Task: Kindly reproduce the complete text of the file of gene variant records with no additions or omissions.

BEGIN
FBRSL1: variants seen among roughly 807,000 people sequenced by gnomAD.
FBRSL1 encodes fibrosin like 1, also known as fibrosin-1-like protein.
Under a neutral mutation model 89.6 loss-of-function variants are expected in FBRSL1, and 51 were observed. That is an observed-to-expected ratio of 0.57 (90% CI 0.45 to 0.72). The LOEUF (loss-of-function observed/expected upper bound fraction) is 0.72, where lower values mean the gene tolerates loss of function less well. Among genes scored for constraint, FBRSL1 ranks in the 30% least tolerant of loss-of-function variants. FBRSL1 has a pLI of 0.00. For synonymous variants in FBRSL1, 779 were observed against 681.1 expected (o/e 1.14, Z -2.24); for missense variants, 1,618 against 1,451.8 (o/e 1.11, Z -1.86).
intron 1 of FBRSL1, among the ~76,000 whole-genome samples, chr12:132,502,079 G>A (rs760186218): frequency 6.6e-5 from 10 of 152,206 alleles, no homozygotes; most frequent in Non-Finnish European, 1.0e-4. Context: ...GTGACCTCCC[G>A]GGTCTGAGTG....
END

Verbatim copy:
FBRSL1: variants seen among roughly 807,000 people sequenced by gnomAD.
FBRSL1 encodes fibrosin like 1, also known as fibrosin-1-like protein.
Under a neutral mutation model 89.6 loss-of-function variants are expected in FBRSL1, and 51 were observed. That is an observed-to-expected ratio of 0.57 (90% CI 0.45 to 0.72). The LOEUF (loss-of-function observed/expected upper bound fraction) is 0.72, where lower values mean the gene tolerates loss of function less well. Among genes scored for constraint, FBRSL1 ranks in the 30% least tolerant of loss-of-function variants. FBRSL1 has a pLI of 0.00. For synonymous variants in FBRSL1, 779 were observed against 681.1 expected (o/e 1.14, Z -2.24); for missense variants, 1,618 against 1,451.8 (o/e 1.11, Z -1.86).
intron 1 of FBRSL1, among the ~76,000 whole-genome samples, chr12:132,502,079 G>A (rs760186218): frequency 6.6e-5 from 10 of 152,206 alleles, no homozygotes; most frequent in Non-Finnish European, 1.0e-4. Context: ...GTGACCTCCC[G>A]GGTCTGAGTG....